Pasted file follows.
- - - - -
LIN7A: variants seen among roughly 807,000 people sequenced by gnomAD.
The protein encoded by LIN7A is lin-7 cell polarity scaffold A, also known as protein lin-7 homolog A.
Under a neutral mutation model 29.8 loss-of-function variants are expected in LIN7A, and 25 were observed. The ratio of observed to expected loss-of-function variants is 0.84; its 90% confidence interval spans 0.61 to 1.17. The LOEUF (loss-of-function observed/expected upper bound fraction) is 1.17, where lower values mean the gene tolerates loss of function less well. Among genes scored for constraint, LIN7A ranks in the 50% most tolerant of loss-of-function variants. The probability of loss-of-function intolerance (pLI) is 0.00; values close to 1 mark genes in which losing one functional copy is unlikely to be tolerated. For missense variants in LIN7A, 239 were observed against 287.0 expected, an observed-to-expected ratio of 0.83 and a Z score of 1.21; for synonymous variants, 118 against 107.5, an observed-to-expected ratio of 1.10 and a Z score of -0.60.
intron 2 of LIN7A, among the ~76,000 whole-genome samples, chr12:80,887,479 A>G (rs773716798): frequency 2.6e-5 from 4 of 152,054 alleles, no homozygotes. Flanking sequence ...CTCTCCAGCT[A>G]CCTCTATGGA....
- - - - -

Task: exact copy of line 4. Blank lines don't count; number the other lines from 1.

intron 2 of LIN7A, among the ~76,000 whole-genome samples, chr12:80,887,479 A>G (rs773716798): frequency 2.6e-5 from 4 of 152,054 alleles, no homozygotes. Flanking sequence ...CTCTCCAGCT[A>G]CCTCTATGGA....